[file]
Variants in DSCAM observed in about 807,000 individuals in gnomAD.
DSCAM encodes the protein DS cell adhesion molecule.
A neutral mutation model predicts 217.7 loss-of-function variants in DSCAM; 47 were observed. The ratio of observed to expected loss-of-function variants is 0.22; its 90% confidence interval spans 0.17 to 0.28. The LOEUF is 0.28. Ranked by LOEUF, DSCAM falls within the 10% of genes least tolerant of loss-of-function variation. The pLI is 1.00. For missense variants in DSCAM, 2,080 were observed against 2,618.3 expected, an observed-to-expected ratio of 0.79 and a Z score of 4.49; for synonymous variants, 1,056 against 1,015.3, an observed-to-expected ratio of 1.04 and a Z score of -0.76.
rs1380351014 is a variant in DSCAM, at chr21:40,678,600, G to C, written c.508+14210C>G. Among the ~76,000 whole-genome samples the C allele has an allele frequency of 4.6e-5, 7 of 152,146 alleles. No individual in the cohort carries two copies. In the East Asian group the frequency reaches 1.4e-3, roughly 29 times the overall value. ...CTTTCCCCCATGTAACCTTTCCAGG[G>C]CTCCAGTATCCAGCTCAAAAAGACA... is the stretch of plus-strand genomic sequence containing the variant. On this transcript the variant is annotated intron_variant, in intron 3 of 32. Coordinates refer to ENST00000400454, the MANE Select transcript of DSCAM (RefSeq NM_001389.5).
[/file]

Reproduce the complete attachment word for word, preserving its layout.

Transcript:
Variants in DSCAM observed in about 807,000 individuals in gnomAD.
DSCAM encodes the protein DS cell adhesion molecule.
A neutral mutation model predicts 217.7 loss-of-function variants in DSCAM; 47 were observed. The ratio of observed to expected loss-of-function variants is 0.22; its 90% confidence interval spans 0.17 to 0.28. The LOEUF is 0.28. Ranked by LOEUF, DSCAM falls within the 10% of genes least tolerant of loss-of-function variation. The pLI is 1.00. For missense variants in DSCAM, 2,080 were observed against 2,618.3 expected, an observed-to-expected ratio of 0.79 and a Z score of 4.49; for synonymous variants, 1,056 against 1,015.3, an observed-to-expected ratio of 1.04 and a Z score of -0.76.
rs1380351014 is a variant in DSCAM, at chr21:40,678,600, G to C, written c.508+14210C>G. Among the ~76,000 whole-genome samples the C allele has an allele frequency of 4.6e-5, 7 of 152,146 alleles. No individual in the cohort carries two copies. In the East Asian group the frequency reaches 1.4e-3, roughly 29 times the overall value. ...CTTTCCCCCATGTAACCTTTCCAGG[G>C]CTCCAGTATCCAGCTCAAAAAGACA... is the stretch of plus-strand genomic sequence containing the variant. On this transcript the variant is annotated intron_variant, in intron 3 of 32. Coordinates refer to ENST00000400454, the MANE Select transcript of DSCAM (RefSeq NM_001389.5).